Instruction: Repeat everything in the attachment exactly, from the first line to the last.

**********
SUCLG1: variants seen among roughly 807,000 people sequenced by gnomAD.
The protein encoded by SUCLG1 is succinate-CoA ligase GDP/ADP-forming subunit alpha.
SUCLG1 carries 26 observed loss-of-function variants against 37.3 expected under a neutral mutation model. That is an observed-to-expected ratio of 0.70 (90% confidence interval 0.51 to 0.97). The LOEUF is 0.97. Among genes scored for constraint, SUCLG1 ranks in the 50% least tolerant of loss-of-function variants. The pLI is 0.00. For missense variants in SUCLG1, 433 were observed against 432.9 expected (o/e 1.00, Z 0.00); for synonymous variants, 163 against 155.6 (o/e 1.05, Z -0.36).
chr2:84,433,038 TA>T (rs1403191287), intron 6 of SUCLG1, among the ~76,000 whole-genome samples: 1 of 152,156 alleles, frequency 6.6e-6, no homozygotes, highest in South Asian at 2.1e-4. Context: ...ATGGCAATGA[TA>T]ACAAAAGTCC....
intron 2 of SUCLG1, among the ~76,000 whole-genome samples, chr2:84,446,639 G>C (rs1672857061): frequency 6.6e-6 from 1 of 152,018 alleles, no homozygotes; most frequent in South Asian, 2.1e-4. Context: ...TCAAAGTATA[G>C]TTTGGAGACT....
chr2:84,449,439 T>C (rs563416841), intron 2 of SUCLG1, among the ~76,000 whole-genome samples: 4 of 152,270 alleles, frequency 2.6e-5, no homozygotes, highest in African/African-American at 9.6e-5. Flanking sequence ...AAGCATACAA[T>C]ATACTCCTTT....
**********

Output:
SUCLG1: variants seen among roughly 807,000 people sequenced by gnomAD.
The protein encoded by SUCLG1 is succinate-CoA ligase GDP/ADP-forming subunit alpha.
SUCLG1 carries 26 observed loss-of-function variants against 37.3 expected under a neutral mutation model. That is an observed-to-expected ratio of 0.70 (90% confidence interval 0.51 to 0.97). The LOEUF is 0.97. Among genes scored for constraint, SUCLG1 ranks in the 50% least tolerant of loss-of-function variants. The pLI is 0.00. For missense variants in SUCLG1, 433 were observed against 432.9 expected (o/e 1.00, Z 0.00); for synonymous variants, 163 against 155.6 (o/e 1.05, Z -0.36).
chr2:84,433,038 TA>T (rs1403191287), intron 6 of SUCLG1, among the ~76,000 whole-genome samples: 1 of 152,156 alleles, frequency 6.6e-6, no homozygotes, highest in South Asian at 2.1e-4. Context: ...ATGGCAATGA[TA>T]ACAAAAGTCC....
intron 2 of SUCLG1, among the ~76,000 whole-genome samples, chr2:84,446,639 G>C (rs1672857061): frequency 6.6e-6 from 1 of 152,018 alleles, no homozygotes; most frequent in South Asian, 2.1e-4. Context: ...TCAAAGTATA[G>C]TTTGGAGACT....
chr2:84,449,439 T>C (rs563416841), intron 2 of SUCLG1, among the ~76,000 whole-genome samples: 4 of 152,270 alleles, frequency 2.6e-5, no homozygotes, highest in African/African-American at 9.6e-5. Flanking sequence ...AAGCATACAA[T>C]ATACTCCTTT....